Friday, 25 July 2008

Why Clegg is right about tax

I keep seeing concerned Facebook messages and letters to Lib Dem News about the ambition set out by Nick Clegg to lower taxes. I've seen the message from the Beveridge Group about this, and Richard Grayson is right that it is a policy shift.

I think I'm on the other side, though. I don't think, and I don't think the Lib Dem pre-manifesto implies, that we should give any less priority to public services. The trouble with simply accepting Gordon Brown's spending levels as they are, without any demur, is that:

1. We have to accept without question his view of efficiency: the unprecedented increase in public spending since 2001, with very little to show for it - because it is delivered centrally, through a target and control system that renders local services increasingly distant and ineffective. Anyone who works in the public and voluntary sector will be aware of the staggering waste of resources by centralised, unaccountable quangos. The truth is that New Labour centralisation is making our public services less effective and this needs to be at the centre of our message. Simply accepting current budgets as they lets the government off this crucial hook.

2. We have to accept without question his white elephants: the £12bn on the NHS computer, similar amounts on ID cards, £70bn just to decommission nuclear reactors, even more to replace Trident and underwrite a new generation of nuclear reactors. And Iraq. Simply accepting current budgets means we have nothing to say about these, except the principle of the ideas - nothing to say about the vast waste of money.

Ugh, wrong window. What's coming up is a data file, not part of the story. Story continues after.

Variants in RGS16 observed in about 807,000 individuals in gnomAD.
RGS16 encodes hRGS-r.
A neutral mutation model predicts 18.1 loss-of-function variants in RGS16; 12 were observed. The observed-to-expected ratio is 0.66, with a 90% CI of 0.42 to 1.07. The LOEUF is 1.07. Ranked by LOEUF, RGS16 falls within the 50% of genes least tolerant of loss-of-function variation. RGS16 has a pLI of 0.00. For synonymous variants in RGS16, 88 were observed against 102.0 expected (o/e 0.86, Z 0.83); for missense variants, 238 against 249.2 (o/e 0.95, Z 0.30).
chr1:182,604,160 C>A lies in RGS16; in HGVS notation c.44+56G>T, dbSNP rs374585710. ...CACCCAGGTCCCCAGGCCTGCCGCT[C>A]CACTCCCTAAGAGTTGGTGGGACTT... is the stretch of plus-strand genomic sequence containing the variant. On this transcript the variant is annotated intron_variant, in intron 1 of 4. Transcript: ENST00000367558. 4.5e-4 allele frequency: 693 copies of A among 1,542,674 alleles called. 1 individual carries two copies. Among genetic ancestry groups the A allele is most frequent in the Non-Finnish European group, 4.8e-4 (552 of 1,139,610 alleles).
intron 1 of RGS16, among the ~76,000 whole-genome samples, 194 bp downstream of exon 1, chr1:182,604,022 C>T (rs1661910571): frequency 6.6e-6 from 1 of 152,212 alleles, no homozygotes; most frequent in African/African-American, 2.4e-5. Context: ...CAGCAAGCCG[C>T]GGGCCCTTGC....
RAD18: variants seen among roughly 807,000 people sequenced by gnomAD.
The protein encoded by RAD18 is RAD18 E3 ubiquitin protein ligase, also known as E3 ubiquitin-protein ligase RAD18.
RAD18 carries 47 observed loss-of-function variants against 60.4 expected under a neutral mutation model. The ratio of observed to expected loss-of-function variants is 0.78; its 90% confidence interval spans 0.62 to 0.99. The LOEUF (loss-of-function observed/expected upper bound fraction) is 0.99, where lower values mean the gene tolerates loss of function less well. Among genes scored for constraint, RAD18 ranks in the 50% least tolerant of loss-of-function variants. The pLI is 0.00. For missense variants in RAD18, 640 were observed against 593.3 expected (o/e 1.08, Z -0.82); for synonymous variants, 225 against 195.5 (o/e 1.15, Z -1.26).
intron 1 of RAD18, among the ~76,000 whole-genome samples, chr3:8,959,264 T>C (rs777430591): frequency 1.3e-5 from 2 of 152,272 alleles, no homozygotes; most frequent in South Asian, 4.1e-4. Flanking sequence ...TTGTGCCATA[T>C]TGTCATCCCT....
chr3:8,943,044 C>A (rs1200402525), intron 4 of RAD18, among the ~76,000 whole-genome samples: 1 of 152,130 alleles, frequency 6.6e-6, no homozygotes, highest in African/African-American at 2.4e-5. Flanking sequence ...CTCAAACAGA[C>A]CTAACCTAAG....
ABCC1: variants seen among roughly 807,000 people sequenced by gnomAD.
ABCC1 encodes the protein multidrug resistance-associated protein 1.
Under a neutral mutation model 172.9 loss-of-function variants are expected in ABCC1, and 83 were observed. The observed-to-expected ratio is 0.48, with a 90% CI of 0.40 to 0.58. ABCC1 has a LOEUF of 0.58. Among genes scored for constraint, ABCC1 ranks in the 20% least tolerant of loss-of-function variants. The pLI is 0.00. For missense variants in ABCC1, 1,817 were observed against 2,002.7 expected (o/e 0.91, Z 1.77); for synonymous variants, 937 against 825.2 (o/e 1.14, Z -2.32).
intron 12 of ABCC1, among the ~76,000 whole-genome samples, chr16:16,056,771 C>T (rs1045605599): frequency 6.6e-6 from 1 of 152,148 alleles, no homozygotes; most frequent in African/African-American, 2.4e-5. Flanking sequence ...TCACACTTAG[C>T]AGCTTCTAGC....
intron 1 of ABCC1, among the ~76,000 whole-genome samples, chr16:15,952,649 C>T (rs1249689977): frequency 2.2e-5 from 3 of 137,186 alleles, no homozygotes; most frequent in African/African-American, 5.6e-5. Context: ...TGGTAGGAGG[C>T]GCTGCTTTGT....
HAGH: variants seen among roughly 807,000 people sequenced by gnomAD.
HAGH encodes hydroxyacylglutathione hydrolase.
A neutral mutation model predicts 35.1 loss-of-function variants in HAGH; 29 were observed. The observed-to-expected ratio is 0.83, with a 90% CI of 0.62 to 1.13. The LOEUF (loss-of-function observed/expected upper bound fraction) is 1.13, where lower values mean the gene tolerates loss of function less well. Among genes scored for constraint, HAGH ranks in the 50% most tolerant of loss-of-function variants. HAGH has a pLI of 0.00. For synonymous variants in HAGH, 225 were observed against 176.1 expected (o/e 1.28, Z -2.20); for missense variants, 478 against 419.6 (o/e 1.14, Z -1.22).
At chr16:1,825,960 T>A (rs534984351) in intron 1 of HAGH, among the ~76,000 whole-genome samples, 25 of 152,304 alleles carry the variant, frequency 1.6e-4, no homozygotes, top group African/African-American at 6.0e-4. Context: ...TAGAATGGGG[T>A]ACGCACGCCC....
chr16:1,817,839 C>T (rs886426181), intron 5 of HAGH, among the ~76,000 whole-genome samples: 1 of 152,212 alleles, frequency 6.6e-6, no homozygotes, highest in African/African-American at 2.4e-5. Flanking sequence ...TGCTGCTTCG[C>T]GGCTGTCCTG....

Thrift is a core Liberal value, albeit rather a forgotten one. If we have ambitions about reducing the overall level of tax - and I think we should at the moment - they have to be part of a much larger ambition, to localise public services and make them effective, and to reveal New Labour spending as bogus, destructive and wasteful.

But if we accept their budgets as they are, we can't say any of that.

1 comment:

Tom Papworth said...


I agree, but this is only part of the story. Consider two other, perhaps more fundamental points.

Firstly, nobody, not even Gordon Brown, would start from here. Government expenditure of 45% of GDP will throttle any economy, and borrowing at this level makes fiscal stimulus in these troubled times impossible. If we were starting from scratch we would ask what level of taxation maximises welfare and growth and then move on from there. It has been argued that 20% is the "growth-maximising" level of government expenditure, while "welfare-maximising" is 35%. So even if we want to maximise welfare, every percentage point of GDP that Government takes above 35% is wasted; even the good that government does is outweighed by the opportunity-cost, representing the welfare people could buy themselves with their own money.

Which leads us to the other point. In a "Free Society" (surely the aim of all liberals) Government needs to justify all taxation, and cannot merely rely on the argument that "It is for the common good" or “we can spend it more efficaciously than you” (the classic socialist arguments). What is more, freedom to enjoy the fruits of one’s own labour is vital, the alternative being serfdom (being forced to work on the master’s fields for two day’s a week, or in this case seeing two fifths of one’s salary taken either from one’s salary or at the till). It has always struck me as strange that Liberals have not made the case for maximising freedom through minimising taxation more strongly. It should be fundamental to our being.

Anyway, I’m in danger of making a comment longer than the original post – the cardinal sin! I hope this adds some food for thought, however.